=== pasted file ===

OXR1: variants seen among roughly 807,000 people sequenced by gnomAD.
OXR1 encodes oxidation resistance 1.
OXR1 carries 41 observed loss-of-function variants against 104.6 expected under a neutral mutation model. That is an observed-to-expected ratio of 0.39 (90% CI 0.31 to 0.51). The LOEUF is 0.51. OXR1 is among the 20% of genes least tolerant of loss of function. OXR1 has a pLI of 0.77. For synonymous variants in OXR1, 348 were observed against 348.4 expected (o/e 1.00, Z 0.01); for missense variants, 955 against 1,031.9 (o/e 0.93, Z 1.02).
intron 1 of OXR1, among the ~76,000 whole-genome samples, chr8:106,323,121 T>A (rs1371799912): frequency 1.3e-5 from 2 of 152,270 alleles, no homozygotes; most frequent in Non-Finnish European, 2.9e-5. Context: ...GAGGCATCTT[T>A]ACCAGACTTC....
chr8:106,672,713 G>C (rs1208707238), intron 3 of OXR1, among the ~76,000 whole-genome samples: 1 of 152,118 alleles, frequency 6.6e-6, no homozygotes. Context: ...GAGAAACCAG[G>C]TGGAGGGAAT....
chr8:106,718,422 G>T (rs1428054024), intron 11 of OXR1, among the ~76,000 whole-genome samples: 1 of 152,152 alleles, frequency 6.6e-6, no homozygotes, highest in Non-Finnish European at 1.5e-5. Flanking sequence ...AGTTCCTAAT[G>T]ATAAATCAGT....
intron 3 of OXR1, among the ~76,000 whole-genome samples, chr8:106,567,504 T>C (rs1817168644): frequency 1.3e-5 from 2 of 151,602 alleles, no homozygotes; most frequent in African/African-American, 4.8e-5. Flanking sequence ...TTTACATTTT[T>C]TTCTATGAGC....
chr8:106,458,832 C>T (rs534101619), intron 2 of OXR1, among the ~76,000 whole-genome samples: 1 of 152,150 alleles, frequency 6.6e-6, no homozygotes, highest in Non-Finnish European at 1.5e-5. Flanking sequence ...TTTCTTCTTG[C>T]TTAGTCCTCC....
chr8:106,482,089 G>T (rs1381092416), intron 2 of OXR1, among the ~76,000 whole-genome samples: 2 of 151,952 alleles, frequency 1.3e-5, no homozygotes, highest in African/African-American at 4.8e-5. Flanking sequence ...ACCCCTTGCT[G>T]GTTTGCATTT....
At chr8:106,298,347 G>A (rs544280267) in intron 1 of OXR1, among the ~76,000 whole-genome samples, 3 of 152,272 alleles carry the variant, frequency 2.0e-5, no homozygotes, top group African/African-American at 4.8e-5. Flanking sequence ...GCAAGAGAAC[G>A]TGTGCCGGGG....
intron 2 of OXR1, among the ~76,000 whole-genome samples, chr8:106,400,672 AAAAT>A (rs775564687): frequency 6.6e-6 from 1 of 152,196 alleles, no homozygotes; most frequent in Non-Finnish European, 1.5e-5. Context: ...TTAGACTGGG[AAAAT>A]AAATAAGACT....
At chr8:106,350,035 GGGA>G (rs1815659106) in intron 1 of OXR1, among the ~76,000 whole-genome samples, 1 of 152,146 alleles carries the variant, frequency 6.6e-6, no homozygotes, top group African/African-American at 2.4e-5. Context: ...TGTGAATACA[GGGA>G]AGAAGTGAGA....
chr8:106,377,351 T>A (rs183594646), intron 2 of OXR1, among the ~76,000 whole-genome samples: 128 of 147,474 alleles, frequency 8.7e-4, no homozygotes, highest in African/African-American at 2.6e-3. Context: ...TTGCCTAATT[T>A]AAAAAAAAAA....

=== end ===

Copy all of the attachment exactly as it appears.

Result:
OXR1: variants seen among roughly 807,000 people sequenced by gnomAD.
OXR1 encodes oxidation resistance 1.
OXR1 carries 41 observed loss-of-function variants against 104.6 expected under a neutral mutation model. That is an observed-to-expected ratio of 0.39 (90% CI 0.31 to 0.51). The LOEUF is 0.51. OXR1 is among the 20% of genes least tolerant of loss of function. OXR1 has a pLI of 0.77. For synonymous variants in OXR1, 348 were observed against 348.4 expected (o/e 1.00, Z 0.01); for missense variants, 955 against 1,031.9 (o/e 0.93, Z 1.02).
intron 1 of OXR1, among the ~76,000 whole-genome samples, chr8:106,323,121 T>A (rs1371799912): frequency 1.3e-5 from 2 of 152,270 alleles, no homozygotes; most frequent in Non-Finnish European, 2.9e-5. Context: ...GAGGCATCTT[T>A]ACCAGACTTC....
chr8:106,672,713 G>C (rs1208707238), intron 3 of OXR1, among the ~76,000 whole-genome samples: 1 of 152,118 alleles, frequency 6.6e-6, no homozygotes. Context: ...GAGAAACCAG[G>C]TGGAGGGAAT....
chr8:106,718,422 G>T (rs1428054024), intron 11 of OXR1, among the ~76,000 whole-genome samples: 1 of 152,152 alleles, frequency 6.6e-6, no homozygotes, highest in Non-Finnish European at 1.5e-5. Flanking sequence ...AGTTCCTAAT[G>T]ATAAATCAGT....
intron 3 of OXR1, among the ~76,000 whole-genome samples, chr8:106,567,504 T>C (rs1817168644): frequency 1.3e-5 from 2 of 151,602 alleles, no homozygotes; most frequent in African/African-American, 4.8e-5. Flanking sequence ...TTTACATTTT[T>C]TTCTATGAGC....
chr8:106,458,832 C>T (rs534101619), intron 2 of OXR1, among the ~76,000 whole-genome samples: 1 of 152,150 alleles, frequency 6.6e-6, no homozygotes, highest in Non-Finnish European at 1.5e-5. Flanking sequence ...TTTCTTCTTG[C>T]TTAGTCCTCC....
chr8:106,482,089 G>T (rs1381092416), intron 2 of OXR1, among the ~76,000 whole-genome samples: 2 of 151,952 alleles, frequency 1.3e-5, no homozygotes, highest in African/African-American at 4.8e-5. Flanking sequence ...ACCCCTTGCT[G>T]GTTTGCATTT....
At chr8:106,298,347 G>A (rs544280267) in intron 1 of OXR1, among the ~76,000 whole-genome samples, 3 of 152,272 alleles carry the variant, frequency 2.0e-5, no homozygotes, top group African/African-American at 4.8e-5. Flanking sequence ...GCAAGAGAAC[G>A]TGTGCCGGGG....
intron 2 of OXR1, among the ~76,000 whole-genome samples, chr8:106,400,672 AAAAT>A (rs775564687): frequency 6.6e-6 from 1 of 152,196 alleles, no homozygotes; most frequent in Non-Finnish European, 1.5e-5. Context: ...TTAGACTGGG[AAAAT>A]AAATAAGACT....
At chr8:106,350,035 GGGA>G (rs1815659106) in intron 1 of OXR1, among the ~76,000 whole-genome samples, 1 of 152,146 alleles carries the variant, frequency 6.6e-6, no homozygotes, top group African/African-American at 2.4e-5. Context: ...TGTGAATACA[GGGA>G]AGAAGTGAGA....
chr8:106,377,351 T>A (rs183594646), intron 2 of OXR1, among the ~76,000 whole-genome samples: 128 of 147,474 alleles, frequency 8.7e-4, no homozygotes, highest in African/African-American at 2.6e-3. Context: ...TTGCCTAATT[T>A]AAAAAAAAAA....